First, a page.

Sozi is a zooming presentation tool that I have been developing for five years in my spare time. Sozi is free software. It has gathered some enthusiastic and faithful users, and I usually receive very positive feedback.
However, people do not always realize that Sozi is mainly the work of a single person with the help of several contributors. There is no company behind it, no structured development team, no professional-grade support, and no ambition to gain market shares.
In this article, I will try to clarify my motivations for developing Sozi.
Some call it eating your own dog food. The main reason why I develop Sozi is that I am a user myself.
Sozi started as an experiment to see whether it was possible to create Prezi-like presentations using open standards. I realized that I was not satisfied with slideshow software and I worked to transform Sozi into an actual presentation tool that I could use.
While I am always disposed to improve Sozi, I tend to focus on the features that I actually need. Maybe you will find it selfish, but the time I can spend developing, testing and maintaining Sozi is limited, so I need to set priorities. For me, the top priority goes to features that I use regularly, because I have a natural environment to test them, and a strong incentive to fix their bugs.
As a counter-example, let me mention the Sozi media extension that allows to add video or audio to a Sozi presentation. This is a feature that I have never used in any of my presentations. I accepted to implement it because a user convinced me to do so and provided enough technical information so that I could integrate it rapidly. However, since I never use it, I do not feel concerned about it; I do not take care to check for regressions when upgrading the rest of Sozi; I do not notice bugs when they happen. This is a sad situation.
I understand that you can feel disappointed if I do not implement a feature request that you proposed. I prefer to encourage other contributors to join and develop features that they care about.
While I develop Sozi for my own use, I believe it can be useful for other people. I also believe that diversity is a good thing. When Sozi was released in 2010, the only other free SVG-based presentation tool was JessyInk. JessyInk is slide-oriented, but it also supports zoomable views. So we can consider that Sozi was among the first attempts to create an alternative to Prezi using open standards.
From the beginning, it was obvious that Sozi would be free software. All the tools that I use to develop Sozi are free software, so publishing Sozi under a free license is my way to contribute to the free software ecosystem and give back what I receive from the community.
The source code of Sozi is available from a public repository. As a consequence, you are not only a user of Sozi, but also a potential participant in its development:
- You can help translate it into you native language (the current Inkscape extension is available in 11 languages).
- You can report issues and request features, but also investigate by yourself and propose solutions.
- You can make a package for your preferred operating system. While it is limited to GNU/Linux distributions currently, I hope someone will make an installer for Windows or OS X.
- You can help other users by answering questions in the discussion group.
Like everybody else, I appreciate positive feedback and messages of gratitude for my work. Getting recognition is part of the motivations for people to publish their work on the web today, I suppose.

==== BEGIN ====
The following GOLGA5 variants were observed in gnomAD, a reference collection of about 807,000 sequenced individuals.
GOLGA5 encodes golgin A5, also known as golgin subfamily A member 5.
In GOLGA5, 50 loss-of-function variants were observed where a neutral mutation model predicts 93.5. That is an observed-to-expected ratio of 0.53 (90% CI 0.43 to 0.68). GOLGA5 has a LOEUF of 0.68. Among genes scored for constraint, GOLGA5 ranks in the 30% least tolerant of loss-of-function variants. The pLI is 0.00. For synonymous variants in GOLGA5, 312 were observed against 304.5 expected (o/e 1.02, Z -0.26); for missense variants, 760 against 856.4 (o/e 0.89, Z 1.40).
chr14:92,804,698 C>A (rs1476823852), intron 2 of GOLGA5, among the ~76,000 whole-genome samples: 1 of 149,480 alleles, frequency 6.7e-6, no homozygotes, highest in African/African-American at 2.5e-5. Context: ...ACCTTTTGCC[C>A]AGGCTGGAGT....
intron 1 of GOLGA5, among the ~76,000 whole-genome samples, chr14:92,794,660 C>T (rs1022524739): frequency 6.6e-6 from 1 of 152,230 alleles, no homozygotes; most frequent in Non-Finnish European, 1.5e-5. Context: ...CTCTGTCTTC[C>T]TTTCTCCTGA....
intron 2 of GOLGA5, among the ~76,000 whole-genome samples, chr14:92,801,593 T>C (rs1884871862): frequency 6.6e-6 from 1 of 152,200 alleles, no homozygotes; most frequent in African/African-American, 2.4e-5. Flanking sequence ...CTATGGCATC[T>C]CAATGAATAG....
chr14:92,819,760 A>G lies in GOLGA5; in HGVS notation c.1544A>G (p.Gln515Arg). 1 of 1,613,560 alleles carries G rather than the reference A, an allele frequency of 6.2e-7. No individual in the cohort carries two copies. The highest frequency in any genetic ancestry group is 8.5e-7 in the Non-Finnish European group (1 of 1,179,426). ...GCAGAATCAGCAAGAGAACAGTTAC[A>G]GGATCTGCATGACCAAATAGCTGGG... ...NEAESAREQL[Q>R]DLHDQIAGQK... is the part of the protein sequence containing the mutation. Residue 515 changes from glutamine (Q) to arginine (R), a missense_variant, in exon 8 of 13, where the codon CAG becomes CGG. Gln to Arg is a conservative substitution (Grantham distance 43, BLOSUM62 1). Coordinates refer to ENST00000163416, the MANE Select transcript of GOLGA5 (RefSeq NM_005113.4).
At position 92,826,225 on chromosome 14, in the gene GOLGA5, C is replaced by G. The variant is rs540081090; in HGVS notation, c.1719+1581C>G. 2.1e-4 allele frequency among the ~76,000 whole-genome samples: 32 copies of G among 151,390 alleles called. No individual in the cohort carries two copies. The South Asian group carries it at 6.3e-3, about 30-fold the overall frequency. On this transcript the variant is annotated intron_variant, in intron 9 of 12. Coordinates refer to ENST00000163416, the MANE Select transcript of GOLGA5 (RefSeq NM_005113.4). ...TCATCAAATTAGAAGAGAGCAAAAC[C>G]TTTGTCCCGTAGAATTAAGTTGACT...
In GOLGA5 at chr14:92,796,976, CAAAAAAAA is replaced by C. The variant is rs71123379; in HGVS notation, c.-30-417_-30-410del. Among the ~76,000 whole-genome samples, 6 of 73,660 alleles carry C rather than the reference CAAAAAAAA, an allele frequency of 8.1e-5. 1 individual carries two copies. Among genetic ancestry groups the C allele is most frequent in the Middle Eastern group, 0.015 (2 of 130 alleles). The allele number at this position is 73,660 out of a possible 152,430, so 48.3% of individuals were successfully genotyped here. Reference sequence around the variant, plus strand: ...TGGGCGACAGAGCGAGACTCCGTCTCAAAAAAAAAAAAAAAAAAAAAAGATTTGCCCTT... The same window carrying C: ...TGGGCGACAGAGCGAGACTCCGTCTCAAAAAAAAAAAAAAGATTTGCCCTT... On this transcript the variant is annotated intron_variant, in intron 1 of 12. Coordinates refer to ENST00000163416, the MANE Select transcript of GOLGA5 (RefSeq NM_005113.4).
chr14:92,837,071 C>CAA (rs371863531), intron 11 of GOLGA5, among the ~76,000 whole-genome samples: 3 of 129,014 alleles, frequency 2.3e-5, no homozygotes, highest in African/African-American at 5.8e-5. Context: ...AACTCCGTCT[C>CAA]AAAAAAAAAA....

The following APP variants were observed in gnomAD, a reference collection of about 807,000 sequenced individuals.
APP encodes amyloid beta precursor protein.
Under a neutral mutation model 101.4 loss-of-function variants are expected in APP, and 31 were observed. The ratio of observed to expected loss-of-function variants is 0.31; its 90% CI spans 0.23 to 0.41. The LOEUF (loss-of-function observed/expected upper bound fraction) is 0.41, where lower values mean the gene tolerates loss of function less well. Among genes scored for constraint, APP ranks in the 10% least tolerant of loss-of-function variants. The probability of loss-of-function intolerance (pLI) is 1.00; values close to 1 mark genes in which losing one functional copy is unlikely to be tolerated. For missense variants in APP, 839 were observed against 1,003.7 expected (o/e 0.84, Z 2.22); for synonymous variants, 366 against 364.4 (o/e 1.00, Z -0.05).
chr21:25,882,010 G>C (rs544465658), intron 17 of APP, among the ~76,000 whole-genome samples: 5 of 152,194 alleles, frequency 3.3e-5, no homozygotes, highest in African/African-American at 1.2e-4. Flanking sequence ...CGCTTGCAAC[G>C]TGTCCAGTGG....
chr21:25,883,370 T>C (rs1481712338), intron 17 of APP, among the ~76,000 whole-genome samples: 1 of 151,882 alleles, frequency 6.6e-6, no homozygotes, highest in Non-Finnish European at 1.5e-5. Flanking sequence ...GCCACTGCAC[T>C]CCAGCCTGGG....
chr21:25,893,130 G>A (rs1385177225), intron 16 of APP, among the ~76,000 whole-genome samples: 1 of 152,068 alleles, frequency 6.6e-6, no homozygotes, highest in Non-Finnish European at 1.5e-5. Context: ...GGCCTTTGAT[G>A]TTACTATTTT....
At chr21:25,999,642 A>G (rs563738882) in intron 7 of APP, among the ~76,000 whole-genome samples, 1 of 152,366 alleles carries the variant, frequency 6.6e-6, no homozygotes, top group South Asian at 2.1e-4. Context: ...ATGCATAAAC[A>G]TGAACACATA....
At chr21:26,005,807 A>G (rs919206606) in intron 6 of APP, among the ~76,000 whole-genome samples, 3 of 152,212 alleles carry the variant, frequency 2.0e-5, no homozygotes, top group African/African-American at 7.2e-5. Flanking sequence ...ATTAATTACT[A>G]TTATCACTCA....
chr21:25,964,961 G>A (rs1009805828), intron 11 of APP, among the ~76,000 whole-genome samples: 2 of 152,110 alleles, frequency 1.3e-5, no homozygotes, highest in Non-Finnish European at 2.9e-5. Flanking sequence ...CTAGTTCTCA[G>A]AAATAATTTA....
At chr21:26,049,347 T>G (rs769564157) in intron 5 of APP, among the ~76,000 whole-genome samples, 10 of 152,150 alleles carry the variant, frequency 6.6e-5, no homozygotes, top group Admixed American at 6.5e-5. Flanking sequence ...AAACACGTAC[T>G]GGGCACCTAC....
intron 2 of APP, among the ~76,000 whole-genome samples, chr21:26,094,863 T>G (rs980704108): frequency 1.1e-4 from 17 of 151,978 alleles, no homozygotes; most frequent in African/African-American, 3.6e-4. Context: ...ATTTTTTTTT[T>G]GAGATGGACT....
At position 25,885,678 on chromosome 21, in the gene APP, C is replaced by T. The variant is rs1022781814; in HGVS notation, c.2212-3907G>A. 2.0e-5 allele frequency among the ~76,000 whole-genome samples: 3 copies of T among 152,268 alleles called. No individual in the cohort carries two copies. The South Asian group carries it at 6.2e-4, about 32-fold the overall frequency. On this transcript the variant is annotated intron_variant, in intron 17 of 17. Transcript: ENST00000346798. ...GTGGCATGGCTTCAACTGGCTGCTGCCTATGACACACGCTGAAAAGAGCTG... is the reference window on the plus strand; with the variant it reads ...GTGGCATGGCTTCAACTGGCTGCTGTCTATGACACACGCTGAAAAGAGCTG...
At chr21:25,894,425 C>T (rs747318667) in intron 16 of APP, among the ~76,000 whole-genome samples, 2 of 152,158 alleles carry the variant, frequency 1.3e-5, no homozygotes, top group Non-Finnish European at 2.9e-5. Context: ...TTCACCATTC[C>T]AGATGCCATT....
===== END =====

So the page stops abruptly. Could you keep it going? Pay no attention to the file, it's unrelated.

If I was really seeking fame, I would try to communicate more and better, make Sozi more visible, and make sure that my name is always associated with it. But actually, I usually prefer to spend time coding than advertising Sozi. I waited until this year to present it in an international event. The rest of the time, I do the minimum and let things happen.
So, if Sozi has gained some visibility over the years, this is mainly due to some nice initiatives from the community, such as listing Sozi at alternativeto.net, writing an article in the French Wikipedia, and publishing tutorials an reviews on YouTube and in various blogs.
So you noticed these Flattr, Bitcoin and Donate buttons at the top of the web site of Sozi, didn’t you?
At the time of this writing, I have earned a total amount of 91.74€ from 52 Flattr users since I created my account in 2010. It is not a lot, but even a micro-donation shows that someone, somewhere, finds my work useful. Many thanks to all of you, who clicked that Flattr button, for your support!
I personally do not donate to the developers of every free software that I use, so I do not expect to receive donations from all users of Sozi as well. As a result, Sozi will probably not make me rich.
Edit: I realize that this section could be misinterpreted. Actually, I am quite satisfied with what I earn in my current job. I am not asking you to give me a complementary income in exchange for my work. Please consider that these donations can help me pay costs related to the development of Sozi, such as the hosting service for the web site of Sozi.
Programming has been a passion since the age of 14. I like to solve problems, learn new languages, discover new technologies. And the web has made this activity even more fun: creating and sharing code has never been so easy.
I develop Sozi because I enjoy doing it.
But there are many other things that I could do in my spare time, than coding, fixing bugs and helping users. I believe that I have no obligation to keep developing and maintaining a piece of software if I don’t find it interesting or enjoyable. If it becomes boring, or if I feel that my family life suffers from it, I will reconsider my involvement, hoping that someone else can follow up.
This has not happened yet :-)